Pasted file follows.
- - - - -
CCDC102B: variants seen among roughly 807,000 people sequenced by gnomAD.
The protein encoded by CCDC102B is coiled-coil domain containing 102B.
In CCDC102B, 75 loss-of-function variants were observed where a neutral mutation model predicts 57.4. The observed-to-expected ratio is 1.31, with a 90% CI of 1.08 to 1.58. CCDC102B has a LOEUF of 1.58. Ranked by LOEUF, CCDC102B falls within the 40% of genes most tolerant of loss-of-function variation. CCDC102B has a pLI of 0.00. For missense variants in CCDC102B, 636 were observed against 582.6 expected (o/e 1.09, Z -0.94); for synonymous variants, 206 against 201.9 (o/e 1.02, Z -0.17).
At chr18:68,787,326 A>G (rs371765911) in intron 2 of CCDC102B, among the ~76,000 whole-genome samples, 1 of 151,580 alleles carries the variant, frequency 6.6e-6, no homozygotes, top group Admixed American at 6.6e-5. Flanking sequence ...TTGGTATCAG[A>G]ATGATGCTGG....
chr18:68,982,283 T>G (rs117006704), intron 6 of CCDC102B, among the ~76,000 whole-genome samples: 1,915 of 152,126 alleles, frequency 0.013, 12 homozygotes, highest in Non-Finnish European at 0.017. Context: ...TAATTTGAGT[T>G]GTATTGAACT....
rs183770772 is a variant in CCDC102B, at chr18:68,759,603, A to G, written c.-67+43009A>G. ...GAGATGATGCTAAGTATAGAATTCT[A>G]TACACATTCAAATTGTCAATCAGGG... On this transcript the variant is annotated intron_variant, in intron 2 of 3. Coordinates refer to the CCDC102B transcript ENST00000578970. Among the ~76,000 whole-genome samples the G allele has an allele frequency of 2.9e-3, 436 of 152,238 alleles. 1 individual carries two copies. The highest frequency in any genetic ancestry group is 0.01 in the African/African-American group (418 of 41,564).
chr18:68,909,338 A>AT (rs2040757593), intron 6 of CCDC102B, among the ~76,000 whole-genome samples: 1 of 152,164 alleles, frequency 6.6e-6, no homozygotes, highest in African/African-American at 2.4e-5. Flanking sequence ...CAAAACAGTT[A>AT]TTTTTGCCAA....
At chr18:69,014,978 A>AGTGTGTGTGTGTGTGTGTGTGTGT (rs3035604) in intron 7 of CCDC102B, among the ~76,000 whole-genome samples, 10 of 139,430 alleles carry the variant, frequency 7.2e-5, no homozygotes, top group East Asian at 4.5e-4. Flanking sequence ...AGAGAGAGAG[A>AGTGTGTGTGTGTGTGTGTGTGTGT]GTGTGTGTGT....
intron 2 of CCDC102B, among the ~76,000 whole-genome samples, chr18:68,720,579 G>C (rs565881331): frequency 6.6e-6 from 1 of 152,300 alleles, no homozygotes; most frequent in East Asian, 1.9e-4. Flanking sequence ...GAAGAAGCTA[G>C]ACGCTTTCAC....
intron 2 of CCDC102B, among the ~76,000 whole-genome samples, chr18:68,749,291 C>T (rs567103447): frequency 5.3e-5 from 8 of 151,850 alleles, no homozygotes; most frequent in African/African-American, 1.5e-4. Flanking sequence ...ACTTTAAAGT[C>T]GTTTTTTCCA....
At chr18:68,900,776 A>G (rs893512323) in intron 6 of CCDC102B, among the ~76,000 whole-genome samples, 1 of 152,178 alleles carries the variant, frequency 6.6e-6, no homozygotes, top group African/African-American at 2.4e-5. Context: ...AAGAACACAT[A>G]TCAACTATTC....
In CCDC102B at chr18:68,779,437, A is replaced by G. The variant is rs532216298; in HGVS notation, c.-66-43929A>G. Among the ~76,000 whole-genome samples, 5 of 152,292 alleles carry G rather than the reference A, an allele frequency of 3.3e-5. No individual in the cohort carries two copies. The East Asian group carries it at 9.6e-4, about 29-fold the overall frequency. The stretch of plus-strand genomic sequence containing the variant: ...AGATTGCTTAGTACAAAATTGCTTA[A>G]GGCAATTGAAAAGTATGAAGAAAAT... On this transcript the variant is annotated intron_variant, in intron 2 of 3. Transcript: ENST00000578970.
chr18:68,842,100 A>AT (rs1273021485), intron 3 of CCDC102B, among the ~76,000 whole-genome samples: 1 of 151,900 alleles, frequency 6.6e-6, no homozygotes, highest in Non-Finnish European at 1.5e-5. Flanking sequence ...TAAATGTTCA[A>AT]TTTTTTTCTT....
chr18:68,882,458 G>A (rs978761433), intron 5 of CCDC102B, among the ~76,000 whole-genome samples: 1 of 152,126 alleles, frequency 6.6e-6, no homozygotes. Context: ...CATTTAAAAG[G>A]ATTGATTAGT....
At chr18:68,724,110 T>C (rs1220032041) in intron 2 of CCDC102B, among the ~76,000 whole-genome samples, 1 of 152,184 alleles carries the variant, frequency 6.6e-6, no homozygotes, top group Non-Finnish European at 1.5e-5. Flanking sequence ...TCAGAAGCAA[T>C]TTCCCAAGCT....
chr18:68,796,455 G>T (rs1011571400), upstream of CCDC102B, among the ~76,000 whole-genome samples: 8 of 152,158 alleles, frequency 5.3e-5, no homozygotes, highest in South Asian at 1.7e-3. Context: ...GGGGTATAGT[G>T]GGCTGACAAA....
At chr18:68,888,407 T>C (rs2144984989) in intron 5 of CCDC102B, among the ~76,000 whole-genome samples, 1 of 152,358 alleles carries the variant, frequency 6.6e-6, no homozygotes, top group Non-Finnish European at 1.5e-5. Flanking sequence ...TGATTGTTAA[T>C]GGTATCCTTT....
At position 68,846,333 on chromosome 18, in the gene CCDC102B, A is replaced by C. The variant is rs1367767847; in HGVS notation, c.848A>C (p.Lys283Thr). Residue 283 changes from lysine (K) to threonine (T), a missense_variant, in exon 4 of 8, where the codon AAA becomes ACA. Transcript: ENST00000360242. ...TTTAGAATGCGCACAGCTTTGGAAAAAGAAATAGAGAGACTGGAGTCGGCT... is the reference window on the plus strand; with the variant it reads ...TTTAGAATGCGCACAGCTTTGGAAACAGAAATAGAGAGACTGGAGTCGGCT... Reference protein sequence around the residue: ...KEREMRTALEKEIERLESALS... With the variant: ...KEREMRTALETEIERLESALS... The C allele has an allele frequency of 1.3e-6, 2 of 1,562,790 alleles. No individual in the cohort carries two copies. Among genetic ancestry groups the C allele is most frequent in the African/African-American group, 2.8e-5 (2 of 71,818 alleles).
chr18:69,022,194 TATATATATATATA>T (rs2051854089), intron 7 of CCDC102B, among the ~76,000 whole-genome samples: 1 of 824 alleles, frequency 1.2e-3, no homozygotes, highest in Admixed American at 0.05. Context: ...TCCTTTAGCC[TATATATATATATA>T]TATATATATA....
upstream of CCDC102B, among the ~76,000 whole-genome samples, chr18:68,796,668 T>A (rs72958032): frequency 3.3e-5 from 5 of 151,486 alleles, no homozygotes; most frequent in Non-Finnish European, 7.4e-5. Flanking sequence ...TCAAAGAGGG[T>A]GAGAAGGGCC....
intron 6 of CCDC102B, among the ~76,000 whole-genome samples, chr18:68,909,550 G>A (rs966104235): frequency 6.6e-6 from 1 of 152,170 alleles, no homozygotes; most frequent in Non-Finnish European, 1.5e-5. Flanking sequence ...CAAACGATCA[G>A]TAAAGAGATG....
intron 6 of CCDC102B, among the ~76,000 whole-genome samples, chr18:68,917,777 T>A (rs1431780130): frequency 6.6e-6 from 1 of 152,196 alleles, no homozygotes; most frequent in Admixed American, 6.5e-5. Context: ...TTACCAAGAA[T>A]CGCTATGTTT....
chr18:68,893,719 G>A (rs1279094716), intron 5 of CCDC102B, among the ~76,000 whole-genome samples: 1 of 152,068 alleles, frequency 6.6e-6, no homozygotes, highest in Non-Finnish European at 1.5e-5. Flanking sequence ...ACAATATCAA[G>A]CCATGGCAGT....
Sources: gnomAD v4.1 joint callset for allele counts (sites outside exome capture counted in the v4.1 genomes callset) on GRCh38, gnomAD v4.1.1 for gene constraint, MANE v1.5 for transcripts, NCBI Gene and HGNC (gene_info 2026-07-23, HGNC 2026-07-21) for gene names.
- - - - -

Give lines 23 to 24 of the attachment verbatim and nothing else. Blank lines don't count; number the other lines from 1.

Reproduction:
chr18:68,893,719 G>A (rs1279094716), intron 5 of CCDC102B, among the ~76,000 whole-genome samples: 1 of 152,068 alleles, frequency 6.6e-6, no homozygotes, highest in Non-Finnish European at 1.5e-5. Flanking sequence ...ACAATATCAA[G>A]CCATGGCAGT....
Sources: gnomAD v4.1 joint callset for allele counts (sites outside exome capture counted in the v4.1 genomes callset) on GRCh38, gnomAD v4.1.1 for gene constraint, MANE v1.5 for transcripts, NCBI Gene and HGNC (gene_info 2026-07-23, HGNC 2026-07-21) for gene names.